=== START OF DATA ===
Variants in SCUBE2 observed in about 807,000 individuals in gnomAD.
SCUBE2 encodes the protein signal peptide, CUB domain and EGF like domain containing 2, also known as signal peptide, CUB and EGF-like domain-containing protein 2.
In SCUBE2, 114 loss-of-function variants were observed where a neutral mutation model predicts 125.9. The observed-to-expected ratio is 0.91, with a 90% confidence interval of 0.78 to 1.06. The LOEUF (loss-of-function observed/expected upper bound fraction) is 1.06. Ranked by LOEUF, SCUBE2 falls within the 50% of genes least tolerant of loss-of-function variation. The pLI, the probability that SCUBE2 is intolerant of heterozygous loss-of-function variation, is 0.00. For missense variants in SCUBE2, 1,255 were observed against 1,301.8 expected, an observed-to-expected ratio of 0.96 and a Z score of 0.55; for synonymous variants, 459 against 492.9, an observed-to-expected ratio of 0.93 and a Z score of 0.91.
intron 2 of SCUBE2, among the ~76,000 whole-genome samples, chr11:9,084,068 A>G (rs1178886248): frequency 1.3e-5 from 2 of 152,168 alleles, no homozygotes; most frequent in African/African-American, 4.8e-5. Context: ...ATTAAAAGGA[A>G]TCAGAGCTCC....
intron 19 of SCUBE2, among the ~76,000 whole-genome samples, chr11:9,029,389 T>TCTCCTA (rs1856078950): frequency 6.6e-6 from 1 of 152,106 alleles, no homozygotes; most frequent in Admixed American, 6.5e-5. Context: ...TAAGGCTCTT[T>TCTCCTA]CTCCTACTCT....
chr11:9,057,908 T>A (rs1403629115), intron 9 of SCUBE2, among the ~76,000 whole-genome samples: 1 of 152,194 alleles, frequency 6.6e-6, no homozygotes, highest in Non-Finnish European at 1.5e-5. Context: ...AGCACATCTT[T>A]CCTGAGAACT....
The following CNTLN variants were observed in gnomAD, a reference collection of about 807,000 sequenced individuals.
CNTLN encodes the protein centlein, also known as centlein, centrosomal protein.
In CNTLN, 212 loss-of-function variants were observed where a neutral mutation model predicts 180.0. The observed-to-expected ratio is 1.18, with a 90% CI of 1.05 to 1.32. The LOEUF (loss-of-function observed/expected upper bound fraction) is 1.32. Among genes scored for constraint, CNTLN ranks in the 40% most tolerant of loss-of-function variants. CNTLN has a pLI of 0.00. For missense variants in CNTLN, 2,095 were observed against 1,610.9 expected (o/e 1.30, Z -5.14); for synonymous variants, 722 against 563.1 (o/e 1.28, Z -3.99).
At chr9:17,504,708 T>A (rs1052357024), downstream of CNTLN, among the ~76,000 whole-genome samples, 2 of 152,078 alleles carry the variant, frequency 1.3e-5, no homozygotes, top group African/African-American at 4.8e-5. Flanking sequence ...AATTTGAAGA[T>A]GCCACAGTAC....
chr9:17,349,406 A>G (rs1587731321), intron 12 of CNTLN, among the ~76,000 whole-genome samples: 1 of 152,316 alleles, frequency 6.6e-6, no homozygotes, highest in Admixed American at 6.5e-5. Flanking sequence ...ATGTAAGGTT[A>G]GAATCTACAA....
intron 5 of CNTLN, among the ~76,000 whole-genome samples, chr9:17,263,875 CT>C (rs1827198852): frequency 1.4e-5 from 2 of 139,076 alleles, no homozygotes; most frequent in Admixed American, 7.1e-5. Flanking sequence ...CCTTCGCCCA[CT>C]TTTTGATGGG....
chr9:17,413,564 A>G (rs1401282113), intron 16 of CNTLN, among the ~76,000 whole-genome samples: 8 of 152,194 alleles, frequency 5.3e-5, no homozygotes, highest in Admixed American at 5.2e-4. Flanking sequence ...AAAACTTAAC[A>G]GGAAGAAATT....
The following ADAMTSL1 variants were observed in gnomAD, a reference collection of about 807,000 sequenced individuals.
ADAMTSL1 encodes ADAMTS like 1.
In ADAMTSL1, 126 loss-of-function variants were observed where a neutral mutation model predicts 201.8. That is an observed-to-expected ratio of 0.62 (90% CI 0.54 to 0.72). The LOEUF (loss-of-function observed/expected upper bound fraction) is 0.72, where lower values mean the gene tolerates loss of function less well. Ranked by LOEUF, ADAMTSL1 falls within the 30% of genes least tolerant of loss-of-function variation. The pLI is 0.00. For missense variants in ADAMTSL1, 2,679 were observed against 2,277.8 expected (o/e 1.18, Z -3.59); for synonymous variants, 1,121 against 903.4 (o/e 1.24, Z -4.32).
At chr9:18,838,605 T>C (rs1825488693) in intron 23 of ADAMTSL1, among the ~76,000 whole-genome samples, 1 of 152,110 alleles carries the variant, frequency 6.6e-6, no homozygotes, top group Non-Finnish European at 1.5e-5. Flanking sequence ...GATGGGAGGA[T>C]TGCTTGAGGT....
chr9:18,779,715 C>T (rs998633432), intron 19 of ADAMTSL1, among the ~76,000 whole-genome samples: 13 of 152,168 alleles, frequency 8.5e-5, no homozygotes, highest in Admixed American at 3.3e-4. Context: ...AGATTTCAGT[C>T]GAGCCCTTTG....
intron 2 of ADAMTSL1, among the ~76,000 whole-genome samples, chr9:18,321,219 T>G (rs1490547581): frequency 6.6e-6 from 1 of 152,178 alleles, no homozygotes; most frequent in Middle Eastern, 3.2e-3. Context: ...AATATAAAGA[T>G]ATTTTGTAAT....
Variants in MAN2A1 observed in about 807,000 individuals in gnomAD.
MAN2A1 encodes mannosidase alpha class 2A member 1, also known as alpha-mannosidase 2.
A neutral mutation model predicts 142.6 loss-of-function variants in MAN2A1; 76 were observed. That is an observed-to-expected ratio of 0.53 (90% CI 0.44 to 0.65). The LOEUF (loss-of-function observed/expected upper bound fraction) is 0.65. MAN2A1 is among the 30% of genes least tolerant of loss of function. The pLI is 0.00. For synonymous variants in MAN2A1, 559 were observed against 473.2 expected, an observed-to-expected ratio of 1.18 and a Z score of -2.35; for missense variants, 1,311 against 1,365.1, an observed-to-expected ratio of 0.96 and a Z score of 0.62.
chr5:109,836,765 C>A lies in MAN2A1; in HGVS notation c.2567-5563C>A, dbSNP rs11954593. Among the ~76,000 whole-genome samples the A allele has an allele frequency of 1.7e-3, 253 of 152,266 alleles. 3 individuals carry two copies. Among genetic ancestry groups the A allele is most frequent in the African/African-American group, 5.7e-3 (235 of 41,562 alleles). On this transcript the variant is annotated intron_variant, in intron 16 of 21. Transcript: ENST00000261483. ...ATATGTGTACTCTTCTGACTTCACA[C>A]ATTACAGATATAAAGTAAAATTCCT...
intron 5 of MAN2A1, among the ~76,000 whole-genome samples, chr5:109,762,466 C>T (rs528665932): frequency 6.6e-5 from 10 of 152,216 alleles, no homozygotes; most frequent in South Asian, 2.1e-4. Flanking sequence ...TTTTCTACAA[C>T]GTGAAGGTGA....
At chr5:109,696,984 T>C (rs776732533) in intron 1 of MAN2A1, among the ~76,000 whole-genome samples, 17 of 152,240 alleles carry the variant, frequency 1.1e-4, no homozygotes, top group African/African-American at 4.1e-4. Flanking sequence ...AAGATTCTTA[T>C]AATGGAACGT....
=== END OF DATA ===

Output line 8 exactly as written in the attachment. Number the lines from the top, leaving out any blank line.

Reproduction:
CNTLN encodes the protein centlein, also known as centlein, centrosomal protein.